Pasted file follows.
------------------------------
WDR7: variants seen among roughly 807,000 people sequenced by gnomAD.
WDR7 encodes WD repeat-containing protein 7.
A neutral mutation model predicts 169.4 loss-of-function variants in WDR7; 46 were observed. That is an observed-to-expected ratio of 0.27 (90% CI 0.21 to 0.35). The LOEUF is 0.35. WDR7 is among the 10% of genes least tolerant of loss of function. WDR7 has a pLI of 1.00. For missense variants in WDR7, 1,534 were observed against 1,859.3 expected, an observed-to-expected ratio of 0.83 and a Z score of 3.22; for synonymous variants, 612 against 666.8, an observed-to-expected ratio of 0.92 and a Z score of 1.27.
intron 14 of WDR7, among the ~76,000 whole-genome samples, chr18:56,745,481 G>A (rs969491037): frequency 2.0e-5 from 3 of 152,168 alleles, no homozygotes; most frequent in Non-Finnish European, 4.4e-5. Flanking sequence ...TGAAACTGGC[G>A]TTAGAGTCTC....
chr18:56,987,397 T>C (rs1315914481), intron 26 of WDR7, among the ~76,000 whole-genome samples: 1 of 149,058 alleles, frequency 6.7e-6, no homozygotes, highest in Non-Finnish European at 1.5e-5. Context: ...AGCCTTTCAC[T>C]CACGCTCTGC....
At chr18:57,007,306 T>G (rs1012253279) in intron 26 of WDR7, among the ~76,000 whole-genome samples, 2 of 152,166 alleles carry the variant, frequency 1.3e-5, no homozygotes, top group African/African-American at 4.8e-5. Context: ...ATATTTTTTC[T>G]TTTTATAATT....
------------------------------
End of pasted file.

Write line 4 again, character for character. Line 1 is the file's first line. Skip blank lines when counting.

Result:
intron 14 of WDR7, among the ~76,000 whole-genome samples, chr18:56,745,481 G>A (rs969491037): frequency 2.0e-5 from 3 of 152,168 alleles, no homozygotes; most frequent in Non-Finnish European, 4.4e-5. Flanking sequence ...TGAAACTGGC[G>A]TTAGAGTCTC....